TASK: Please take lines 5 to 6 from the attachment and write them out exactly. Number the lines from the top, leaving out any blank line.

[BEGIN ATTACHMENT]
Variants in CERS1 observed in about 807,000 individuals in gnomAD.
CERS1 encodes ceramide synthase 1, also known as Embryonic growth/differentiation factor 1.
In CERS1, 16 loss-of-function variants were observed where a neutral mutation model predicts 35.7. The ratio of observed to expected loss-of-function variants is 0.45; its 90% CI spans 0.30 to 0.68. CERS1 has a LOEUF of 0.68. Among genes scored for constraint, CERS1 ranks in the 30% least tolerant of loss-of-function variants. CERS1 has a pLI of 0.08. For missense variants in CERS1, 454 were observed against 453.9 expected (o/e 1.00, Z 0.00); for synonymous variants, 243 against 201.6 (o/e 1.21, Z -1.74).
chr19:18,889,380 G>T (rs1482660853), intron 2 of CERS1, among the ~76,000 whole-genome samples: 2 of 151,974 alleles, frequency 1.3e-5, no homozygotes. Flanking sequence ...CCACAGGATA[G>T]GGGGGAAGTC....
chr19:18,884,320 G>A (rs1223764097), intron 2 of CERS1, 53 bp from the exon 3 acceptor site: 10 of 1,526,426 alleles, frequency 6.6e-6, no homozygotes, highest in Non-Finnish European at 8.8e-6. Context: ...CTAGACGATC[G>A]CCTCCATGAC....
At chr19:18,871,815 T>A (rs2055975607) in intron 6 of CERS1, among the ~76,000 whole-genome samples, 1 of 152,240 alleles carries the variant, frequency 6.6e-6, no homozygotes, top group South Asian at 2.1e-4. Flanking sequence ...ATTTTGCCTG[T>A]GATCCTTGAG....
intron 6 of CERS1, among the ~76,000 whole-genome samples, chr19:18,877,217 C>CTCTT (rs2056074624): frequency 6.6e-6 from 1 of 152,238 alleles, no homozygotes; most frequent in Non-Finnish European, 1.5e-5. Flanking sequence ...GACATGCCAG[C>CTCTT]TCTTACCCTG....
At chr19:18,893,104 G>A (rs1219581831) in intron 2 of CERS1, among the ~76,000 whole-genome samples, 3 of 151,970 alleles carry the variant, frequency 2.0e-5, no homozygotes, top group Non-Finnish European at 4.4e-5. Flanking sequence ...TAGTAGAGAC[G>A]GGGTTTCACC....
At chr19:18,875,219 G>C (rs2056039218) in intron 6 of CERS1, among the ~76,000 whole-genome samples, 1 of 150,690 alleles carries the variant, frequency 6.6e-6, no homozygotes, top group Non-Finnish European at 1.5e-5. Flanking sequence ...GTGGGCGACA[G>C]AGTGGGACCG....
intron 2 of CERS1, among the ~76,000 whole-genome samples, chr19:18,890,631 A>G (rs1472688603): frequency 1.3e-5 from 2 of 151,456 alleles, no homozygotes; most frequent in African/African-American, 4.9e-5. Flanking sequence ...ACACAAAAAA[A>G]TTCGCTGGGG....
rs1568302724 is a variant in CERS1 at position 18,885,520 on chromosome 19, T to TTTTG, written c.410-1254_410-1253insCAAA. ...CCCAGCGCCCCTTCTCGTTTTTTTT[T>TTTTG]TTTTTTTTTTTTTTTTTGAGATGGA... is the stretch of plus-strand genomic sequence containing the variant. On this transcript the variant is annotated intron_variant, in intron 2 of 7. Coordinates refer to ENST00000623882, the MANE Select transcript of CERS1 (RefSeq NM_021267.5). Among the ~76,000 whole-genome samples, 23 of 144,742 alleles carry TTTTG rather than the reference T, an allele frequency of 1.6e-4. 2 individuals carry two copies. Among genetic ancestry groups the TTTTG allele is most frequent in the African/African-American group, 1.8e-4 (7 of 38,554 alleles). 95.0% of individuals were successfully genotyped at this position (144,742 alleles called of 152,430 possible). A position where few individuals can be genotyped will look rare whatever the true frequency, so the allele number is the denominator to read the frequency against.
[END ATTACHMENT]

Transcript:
chr19:18,884,320 G>A (rs1223764097), intron 2 of CERS1, 53 bp from the exon 3 acceptor site: 10 of 1,526,426 alleles, frequency 6.6e-6, no homozygotes, highest in Non-Finnish European at 8.8e-6. Context: ...CTAGACGATC[G>A]CCTCCATGAC....
At chr19:18,871,815 T>A (rs2055975607) in intron 6 of CERS1, among the ~76,000 whole-genome samples, 1 of 152,240 alleles carries the variant, frequency 6.6e-6, no homozygotes, top group South Asian at 2.1e-4. Flanking sequence ...ATTTTGCCTG[T>A]GATCCTTGAG....